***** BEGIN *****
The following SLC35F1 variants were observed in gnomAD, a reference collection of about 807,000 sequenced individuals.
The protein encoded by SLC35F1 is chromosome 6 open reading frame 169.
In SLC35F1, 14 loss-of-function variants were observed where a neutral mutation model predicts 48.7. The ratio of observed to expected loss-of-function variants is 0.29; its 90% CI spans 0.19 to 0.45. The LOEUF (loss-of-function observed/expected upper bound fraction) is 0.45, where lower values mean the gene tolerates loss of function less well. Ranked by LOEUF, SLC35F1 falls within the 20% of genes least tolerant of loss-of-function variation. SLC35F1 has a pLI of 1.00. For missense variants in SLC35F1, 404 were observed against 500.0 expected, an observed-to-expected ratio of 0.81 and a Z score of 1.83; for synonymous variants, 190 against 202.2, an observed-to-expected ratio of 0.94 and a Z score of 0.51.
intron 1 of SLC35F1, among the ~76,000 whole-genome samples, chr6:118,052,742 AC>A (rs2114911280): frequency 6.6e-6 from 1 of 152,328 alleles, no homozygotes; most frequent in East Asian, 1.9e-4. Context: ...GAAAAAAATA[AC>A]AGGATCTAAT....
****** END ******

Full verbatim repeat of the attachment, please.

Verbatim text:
The following SLC35F1 variants were observed in gnomAD, a reference collection of about 807,000 sequenced individuals.
The protein encoded by SLC35F1 is chromosome 6 open reading frame 169.
In SLC35F1, 14 loss-of-function variants were observed where a neutral mutation model predicts 48.7. The ratio of observed to expected loss-of-function variants is 0.29; its 90% CI spans 0.19 to 0.45. The LOEUF (loss-of-function observed/expected upper bound fraction) is 0.45, where lower values mean the gene tolerates loss of function less well. Ranked by LOEUF, SLC35F1 falls within the 20% of genes least tolerant of loss-of-function variation. SLC35F1 has a pLI of 1.00. For missense variants in SLC35F1, 404 were observed against 500.0 expected, an observed-to-expected ratio of 0.81 and a Z score of 1.83; for synonymous variants, 190 against 202.2, an observed-to-expected ratio of 0.94 and a Z score of 0.51.
intron 1 of SLC35F1, among the ~76,000 whole-genome samples, chr6:118,052,742 AC>A (rs2114911280): frequency 6.6e-6 from 1 of 152,328 alleles, no homozygotes; most frequent in East Asian, 1.9e-4. Context: ...GAAAAAAATA[AC>A]AGGATCTAAT....